South Georgia Steakhouse Offers River Views, Large Portions and Wild Game

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Benton Lee’s Steakhouse reopened its doors to the public in November 2007, after a grease fire burned the restaurant to the ground one year earlier.

Benton Lee’s Steakhouse
Uvalda, Georgia

There are steakhouses, and then there’s Benton Lee’s. I have discovered the place to eat meat in South Georgia, y’all. If you’re looking for a good steak, stop your search right now and hop in your car for a drive through the country. Known for it’s large portions and family-centered atmosphere, the restaurant, with its wide front porch and back deck, overlooks the Altamaha River. For many reading this though, it won’t be a surprise. The locals of this community have enjoyed Benton Lee’s Steakhouse for 48 years.

My good lookin’ husband, Kurt, and I drove over to the restaurant from Claxton, Georgia on a Friday night, just in time to catch the sunset.

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The child’s portion of Gator Nuggets is $11.

We ordered gator nuggets to start, because that’s what you do when you live in The Fruitcake Capital of the World and no restaurant within a 30-mile radius has it on the menu. Much to my dismay, the gator served at Benton Lee’s is not wrestled and caught from the muddy waters of the Altamaha (ha!), but sourced from a gator farm in Odom, Georgia about 300 miles away. Gator has a tough and chewy consistency, but everyone should try it once. Our server said he liked it better than chicken, but I’ll stick with poultry (spoken like a true resident of Evans County).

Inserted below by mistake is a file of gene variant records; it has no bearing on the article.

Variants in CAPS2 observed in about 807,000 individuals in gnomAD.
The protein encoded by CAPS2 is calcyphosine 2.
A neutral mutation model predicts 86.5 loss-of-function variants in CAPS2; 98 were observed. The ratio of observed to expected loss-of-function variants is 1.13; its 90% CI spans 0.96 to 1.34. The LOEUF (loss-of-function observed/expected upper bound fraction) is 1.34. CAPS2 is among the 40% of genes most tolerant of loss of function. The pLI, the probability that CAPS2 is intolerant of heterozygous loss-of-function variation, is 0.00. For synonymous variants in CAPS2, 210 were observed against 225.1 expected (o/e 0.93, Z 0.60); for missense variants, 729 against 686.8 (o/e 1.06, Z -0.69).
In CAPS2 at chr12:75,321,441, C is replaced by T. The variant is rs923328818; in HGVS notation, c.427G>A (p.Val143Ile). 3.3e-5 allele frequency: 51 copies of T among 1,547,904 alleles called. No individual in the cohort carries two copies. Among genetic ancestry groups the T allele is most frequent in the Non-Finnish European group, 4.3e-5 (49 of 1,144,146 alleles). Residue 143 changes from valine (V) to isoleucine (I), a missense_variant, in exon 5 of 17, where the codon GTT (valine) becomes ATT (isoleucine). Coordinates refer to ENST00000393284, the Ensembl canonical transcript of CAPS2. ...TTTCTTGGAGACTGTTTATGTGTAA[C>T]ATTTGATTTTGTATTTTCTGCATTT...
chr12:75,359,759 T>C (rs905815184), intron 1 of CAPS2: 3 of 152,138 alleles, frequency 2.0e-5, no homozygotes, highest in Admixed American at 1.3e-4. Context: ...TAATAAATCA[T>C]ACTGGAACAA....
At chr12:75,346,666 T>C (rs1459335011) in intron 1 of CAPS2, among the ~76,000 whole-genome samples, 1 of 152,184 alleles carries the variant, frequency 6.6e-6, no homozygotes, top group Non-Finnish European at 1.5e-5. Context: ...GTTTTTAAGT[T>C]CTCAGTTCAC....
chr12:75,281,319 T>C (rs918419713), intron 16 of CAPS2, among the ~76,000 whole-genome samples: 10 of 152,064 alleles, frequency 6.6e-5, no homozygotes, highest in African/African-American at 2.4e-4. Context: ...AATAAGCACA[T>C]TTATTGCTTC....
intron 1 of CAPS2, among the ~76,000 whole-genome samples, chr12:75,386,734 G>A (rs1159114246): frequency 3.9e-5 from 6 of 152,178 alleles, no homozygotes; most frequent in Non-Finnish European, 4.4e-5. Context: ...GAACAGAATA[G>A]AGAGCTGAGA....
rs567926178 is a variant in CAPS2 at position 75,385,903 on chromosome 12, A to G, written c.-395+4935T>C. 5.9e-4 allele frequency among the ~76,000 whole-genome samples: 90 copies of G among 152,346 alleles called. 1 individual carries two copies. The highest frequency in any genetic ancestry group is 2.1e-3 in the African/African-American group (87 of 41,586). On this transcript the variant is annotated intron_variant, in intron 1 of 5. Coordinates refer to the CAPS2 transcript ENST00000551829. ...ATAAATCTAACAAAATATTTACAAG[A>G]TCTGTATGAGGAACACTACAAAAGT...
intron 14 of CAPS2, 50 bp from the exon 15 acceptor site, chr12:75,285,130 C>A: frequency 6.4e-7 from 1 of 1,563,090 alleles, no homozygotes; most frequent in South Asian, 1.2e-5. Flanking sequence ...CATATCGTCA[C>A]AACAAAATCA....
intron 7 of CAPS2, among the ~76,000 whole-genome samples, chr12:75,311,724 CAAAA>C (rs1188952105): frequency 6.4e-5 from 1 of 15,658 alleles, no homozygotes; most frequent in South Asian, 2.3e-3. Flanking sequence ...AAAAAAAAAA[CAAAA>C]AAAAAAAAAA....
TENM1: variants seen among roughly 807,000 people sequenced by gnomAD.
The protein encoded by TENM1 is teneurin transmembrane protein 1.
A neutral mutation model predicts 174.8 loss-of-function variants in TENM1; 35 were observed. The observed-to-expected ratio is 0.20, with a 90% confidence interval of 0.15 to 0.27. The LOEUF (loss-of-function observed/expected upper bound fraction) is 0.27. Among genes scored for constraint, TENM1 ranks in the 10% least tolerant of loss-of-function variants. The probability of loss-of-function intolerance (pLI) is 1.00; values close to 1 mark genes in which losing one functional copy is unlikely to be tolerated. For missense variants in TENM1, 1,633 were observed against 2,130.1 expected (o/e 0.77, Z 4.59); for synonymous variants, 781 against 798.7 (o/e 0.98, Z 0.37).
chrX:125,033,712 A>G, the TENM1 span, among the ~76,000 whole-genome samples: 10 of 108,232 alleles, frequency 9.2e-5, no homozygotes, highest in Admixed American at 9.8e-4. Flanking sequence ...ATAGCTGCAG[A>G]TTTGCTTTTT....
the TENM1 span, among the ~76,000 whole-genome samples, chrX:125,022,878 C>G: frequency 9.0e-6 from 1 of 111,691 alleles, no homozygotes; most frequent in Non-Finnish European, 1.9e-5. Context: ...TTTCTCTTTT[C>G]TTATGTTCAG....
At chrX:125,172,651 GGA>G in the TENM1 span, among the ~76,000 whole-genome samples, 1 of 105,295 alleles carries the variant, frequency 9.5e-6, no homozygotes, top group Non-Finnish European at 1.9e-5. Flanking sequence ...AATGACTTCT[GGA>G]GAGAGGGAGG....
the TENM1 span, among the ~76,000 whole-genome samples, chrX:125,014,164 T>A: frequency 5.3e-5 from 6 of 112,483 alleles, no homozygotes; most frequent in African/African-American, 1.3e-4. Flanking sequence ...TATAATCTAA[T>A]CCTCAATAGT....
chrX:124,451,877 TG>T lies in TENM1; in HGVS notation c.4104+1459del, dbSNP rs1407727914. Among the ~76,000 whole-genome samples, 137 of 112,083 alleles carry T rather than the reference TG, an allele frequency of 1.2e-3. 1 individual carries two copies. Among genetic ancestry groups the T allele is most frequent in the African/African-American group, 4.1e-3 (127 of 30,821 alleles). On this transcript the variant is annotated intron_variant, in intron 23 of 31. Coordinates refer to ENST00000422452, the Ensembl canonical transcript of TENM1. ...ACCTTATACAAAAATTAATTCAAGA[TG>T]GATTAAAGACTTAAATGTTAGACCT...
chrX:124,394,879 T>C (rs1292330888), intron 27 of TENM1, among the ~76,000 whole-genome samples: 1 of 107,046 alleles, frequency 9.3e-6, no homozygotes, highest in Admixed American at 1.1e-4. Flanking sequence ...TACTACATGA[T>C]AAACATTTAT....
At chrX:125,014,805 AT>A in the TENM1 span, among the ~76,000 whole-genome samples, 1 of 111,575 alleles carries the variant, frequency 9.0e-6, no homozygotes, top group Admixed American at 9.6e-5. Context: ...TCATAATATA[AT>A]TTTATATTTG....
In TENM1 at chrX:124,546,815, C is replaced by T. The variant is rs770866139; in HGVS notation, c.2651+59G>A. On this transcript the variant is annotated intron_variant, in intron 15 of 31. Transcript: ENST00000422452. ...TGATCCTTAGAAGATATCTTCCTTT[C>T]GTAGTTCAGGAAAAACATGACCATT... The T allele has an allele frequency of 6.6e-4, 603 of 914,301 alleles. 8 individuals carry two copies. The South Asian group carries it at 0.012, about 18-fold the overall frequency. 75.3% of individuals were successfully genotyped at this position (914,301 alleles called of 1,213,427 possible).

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My husband and I ordered the Sirloin for two (individually cooked) for $33. This is ONE portion.

The straightforward menu features steaks of all cuts and sizes, plus seafood–shrimp, oysters and catfish–chicken tenders and wild game like quail, gator and frog legs. Staples including hamburger steak, pork chops and chef salad also are available. We ordered the Sirloin for Two: each serving is individually cooked and is at least 12 ounces. In the causal atmosphere, tea and water are self-serve.

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The beef served at Benton Lee’s is flown in from Utah.

The hand-cut fries are perfectly salted and crunchy. My steak was cooked to a medium temperature, juicy and just right. Tender and warm from the grill, the steak melts in your mouth. Beautiful grill marks make an appetizing presentation, and a standard salad and roll round out the meal. I am told that once upon a time Benton Lee’s Steakhouse hosted a competition where if you ate six pounds worth of beef, you would get it for free. I don’t understand why anyone would want to do this.

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Eating at Benton Lee’s Steakhouse is like visiting your mama and ’em.

The patrons at Benton Lee’s Steakhouse are the same folks you see on the church pew Sunday morning, the moms of the elementary school drop-off line and dads of the community ball field. They’re Southern folks that do life together, that appreciate a good slab of beef when they see it. This is not an audience concerned about locally sourced ingredients, a five star plate presentation, house-made sauces or compound butters. They’re not seeking white tablecloths or organic produce, just a place they can go with the family in tow for a hearty meal and a break from cooking themselves. Down home, friendly and no nonsense. My kind of place!